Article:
THE 14,000 YEAR OLD DENTAL PATIENT

The 14,000 skeleton of a 25 year old from Italy shows signs of dental treatment.

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The skeleton was found in 1988 but the treatment went unobserved until recently. The lower right 3rd molar had evidence of decay but no-one noticed the striation marks make on the decayed area.

Testing showed that these marks were made with small flints used apparently to remove decay.

The fact that these marks showed signs of subsequent wear proves that the 'patient' survived the procedure and continued living for some time afterwards.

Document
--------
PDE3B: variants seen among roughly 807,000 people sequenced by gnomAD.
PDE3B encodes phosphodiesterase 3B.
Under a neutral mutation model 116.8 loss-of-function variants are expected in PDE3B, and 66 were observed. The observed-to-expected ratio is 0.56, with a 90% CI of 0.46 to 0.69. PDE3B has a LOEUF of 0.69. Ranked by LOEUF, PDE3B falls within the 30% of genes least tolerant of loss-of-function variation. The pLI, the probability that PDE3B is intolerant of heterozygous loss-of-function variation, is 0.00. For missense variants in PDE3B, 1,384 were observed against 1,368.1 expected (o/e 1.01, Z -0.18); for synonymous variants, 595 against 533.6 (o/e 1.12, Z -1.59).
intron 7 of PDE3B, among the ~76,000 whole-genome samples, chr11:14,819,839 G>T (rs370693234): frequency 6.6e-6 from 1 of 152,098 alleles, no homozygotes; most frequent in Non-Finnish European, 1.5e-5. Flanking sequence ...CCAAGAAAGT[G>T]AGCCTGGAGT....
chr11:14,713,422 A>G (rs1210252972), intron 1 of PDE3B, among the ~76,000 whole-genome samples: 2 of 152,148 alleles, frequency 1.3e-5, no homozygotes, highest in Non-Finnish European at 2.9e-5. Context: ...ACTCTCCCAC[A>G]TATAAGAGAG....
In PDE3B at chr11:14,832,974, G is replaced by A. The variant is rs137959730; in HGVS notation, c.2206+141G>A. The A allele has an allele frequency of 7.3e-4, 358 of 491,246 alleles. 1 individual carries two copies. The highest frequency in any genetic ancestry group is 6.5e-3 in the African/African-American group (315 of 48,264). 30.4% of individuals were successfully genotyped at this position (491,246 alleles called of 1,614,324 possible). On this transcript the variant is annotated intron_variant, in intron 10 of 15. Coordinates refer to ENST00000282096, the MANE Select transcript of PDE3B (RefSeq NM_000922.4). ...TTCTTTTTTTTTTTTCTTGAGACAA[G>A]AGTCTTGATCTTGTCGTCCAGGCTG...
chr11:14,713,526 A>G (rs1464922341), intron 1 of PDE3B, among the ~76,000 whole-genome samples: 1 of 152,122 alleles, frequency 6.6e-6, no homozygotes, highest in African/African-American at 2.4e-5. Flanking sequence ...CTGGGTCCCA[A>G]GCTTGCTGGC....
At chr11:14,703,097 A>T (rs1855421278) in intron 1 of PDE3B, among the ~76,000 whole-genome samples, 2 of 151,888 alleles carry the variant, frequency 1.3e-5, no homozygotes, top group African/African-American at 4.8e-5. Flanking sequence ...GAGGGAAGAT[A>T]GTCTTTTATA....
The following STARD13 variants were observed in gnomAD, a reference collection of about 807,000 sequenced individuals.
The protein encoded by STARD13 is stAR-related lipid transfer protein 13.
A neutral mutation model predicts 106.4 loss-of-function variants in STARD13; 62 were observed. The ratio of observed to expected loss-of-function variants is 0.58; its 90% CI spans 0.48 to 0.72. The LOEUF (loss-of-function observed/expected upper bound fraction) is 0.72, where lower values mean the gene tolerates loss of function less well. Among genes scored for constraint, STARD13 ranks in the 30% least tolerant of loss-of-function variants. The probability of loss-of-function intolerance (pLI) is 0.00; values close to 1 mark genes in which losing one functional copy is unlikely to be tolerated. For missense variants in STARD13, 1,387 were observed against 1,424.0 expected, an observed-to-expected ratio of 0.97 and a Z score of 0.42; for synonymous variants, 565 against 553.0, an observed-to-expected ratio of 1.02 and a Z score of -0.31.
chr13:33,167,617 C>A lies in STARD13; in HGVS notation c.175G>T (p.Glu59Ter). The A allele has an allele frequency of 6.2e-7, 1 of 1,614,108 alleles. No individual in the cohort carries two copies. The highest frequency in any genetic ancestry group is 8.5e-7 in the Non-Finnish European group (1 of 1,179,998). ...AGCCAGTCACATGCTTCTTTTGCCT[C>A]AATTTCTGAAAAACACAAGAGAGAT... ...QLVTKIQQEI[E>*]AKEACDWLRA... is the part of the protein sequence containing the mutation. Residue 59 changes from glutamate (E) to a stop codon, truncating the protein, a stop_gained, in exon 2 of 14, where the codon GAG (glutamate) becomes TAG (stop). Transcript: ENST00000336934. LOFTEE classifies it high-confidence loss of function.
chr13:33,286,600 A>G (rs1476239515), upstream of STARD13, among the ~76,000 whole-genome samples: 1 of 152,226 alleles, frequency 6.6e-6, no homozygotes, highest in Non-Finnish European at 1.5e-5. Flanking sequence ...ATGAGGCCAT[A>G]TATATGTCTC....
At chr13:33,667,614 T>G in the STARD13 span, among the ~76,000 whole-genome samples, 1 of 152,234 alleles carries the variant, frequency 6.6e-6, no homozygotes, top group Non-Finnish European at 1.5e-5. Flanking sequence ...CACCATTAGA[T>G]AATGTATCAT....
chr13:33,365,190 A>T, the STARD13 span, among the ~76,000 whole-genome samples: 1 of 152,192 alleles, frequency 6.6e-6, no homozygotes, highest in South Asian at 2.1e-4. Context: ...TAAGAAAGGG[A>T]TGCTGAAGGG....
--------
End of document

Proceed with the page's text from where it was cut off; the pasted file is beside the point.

In all likelihood it was done without anaesthetic and would have been a very painful experience.
A paleoanthropologist, Stefano Benazi from the university of Bologna, commented that this pushes back the earliest recorded dental treatment by 5,000 years. The treatment is similar to what a patient suffering from tooth decay might undergo today, except that equipment will be sterile and pain killing methods are somewhat more advanced.

Evidence has been found of filling material, in the form of beeswax, has been used as early as 6,500 years ago.

Cavities have been seen as the result of humans turning to a carbohydrate based diet once we moved from hunter-gatherer to farming. But this shows that even before we turned to farming we had sufficient carbohydrate to cause cavities to appear.
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